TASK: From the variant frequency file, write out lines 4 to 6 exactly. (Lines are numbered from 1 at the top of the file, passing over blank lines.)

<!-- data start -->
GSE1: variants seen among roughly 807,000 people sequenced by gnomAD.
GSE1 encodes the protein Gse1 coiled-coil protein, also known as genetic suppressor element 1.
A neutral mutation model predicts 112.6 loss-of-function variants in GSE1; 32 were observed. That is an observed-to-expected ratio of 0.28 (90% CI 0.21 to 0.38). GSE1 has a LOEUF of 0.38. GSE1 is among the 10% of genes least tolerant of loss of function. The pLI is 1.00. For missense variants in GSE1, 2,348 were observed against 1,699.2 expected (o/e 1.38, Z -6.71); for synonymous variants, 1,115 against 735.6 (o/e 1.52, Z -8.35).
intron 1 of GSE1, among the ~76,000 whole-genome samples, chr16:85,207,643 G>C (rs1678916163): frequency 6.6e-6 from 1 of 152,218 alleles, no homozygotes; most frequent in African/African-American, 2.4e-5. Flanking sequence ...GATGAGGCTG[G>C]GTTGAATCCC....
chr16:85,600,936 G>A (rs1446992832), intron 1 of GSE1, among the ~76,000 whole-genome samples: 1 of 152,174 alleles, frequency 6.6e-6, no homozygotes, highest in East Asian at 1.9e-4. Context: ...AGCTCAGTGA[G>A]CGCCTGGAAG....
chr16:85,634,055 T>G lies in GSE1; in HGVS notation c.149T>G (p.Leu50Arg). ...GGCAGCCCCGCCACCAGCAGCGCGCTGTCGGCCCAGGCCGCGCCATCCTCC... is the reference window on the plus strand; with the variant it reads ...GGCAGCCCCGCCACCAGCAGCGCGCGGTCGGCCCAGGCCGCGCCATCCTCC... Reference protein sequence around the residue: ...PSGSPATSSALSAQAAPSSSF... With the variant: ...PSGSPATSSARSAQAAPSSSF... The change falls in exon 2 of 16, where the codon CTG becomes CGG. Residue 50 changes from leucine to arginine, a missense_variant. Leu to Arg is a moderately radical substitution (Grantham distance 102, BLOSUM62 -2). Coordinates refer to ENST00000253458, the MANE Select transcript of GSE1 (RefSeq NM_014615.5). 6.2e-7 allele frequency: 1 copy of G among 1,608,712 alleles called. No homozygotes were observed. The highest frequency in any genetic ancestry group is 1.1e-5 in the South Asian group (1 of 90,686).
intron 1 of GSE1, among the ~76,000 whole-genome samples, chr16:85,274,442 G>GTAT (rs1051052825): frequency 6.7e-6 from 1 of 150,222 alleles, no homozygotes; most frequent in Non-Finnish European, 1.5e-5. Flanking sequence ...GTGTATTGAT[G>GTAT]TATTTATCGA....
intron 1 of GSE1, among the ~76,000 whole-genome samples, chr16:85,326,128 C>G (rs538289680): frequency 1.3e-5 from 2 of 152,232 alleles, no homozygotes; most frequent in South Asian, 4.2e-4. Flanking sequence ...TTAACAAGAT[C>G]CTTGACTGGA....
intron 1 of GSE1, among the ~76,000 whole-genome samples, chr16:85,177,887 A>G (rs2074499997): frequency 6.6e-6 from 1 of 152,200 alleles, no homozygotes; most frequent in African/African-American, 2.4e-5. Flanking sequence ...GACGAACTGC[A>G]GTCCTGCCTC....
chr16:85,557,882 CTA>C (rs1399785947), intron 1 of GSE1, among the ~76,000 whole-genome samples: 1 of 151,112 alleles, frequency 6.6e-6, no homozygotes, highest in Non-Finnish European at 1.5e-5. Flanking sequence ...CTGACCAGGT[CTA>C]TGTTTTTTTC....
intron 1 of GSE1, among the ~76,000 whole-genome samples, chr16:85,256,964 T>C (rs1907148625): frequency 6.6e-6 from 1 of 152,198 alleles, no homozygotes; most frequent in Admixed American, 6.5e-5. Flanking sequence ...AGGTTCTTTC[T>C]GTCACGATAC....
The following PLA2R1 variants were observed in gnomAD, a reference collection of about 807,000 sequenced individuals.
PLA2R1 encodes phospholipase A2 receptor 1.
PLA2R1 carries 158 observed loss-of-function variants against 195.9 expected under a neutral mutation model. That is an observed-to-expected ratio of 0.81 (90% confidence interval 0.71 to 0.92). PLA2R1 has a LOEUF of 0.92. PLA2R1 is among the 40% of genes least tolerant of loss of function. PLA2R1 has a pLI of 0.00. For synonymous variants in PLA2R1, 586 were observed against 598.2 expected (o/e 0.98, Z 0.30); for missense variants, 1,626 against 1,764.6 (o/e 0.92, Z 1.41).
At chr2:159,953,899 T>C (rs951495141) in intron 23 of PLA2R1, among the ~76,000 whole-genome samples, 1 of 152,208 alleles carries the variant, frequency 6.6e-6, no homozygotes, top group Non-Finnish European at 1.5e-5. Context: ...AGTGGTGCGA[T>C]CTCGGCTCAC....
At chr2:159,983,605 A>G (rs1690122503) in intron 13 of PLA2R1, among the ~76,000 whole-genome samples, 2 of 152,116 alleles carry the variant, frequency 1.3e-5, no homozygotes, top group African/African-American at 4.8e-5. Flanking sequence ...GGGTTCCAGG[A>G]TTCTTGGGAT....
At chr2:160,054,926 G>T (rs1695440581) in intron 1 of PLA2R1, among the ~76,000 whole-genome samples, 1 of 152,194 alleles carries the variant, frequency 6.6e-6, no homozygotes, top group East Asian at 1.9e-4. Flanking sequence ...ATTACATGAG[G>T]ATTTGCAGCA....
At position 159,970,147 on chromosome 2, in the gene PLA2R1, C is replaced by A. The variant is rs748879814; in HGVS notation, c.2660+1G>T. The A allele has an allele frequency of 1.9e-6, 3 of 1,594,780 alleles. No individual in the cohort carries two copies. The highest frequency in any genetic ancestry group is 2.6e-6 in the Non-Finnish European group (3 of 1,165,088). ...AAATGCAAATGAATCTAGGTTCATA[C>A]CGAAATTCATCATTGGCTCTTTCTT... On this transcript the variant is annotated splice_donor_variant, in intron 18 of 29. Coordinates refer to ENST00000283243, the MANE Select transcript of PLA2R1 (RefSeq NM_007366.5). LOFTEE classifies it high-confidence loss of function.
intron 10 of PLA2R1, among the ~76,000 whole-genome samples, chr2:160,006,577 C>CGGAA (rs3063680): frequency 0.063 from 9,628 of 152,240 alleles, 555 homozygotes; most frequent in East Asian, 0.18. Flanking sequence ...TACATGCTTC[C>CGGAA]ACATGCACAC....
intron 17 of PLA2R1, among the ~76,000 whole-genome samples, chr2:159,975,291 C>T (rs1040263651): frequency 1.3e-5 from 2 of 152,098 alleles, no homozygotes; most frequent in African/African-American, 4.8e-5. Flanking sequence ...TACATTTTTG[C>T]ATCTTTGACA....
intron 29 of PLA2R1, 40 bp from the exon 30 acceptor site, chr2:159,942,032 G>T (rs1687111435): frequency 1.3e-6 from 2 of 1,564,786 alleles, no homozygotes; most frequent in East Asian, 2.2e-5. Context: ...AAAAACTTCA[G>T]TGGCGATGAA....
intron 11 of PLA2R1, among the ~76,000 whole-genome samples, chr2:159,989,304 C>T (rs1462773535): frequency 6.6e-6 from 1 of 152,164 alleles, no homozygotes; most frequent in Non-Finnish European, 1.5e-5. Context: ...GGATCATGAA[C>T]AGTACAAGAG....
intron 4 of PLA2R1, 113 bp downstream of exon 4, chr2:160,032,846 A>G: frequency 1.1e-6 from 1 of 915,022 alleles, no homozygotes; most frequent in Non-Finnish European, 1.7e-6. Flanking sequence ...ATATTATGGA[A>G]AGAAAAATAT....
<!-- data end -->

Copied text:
intron 1 of GSE1, among the ~76,000 whole-genome samples, chr16:85,207,643 G>C (rs1678916163): frequency 6.6e-6 from 1 of 152,218 alleles, no homozygotes; most frequent in African/African-American, 2.4e-5. Flanking sequence ...GATGAGGCTG[G>C]GTTGAATCCC....
chr16:85,600,936 G>A (rs1446992832), intron 1 of GSE1, among the ~76,000 whole-genome samples: 1 of 152,174 alleles, frequency 6.6e-6, no homozygotes, highest in East Asian at 1.9e-4. Context: ...AGCTCAGTGA[G>A]CGCCTGGAAG....
chr16:85,634,055 T>G lies in GSE1; in HGVS notation c.149T>G (p.Leu50Arg). ...GGCAGCCCCGCCACCAGCAGCGCGCTGTCGGCCCAGGCCGCGCCATCCTCC... is the reference window on the plus strand; with the variant it reads ...GGCAGCCCCGCCACCAGCAGCGCGCGGTCGGCCCAGGCCGCGCCATCCTCC... Reference protein sequence around the residue: ...PSGSPATSSALSAQAAPSSSF... With the variant: ...PSGSPATSSARSAQAAPSSSF... The change falls in exon 2 of 16, where the codon CTG becomes CGG. Residue 50 changes from leucine to arginine, a missense_variant. Leu to Arg is a moderately radical substitution (Grantham distance 102, BLOSUM62 -2). Coordinates refer to ENST00000253458, the MANE Select transcript of GSE1 (RefSeq NM_014615.5). 6.2e-7 allele frequency: 1 copy of G among 1,608,712 alleles called. No homozygotes were observed. The highest frequency in any genetic ancestry group is 1.1e-5 in the South Asian group (1 of 90,686).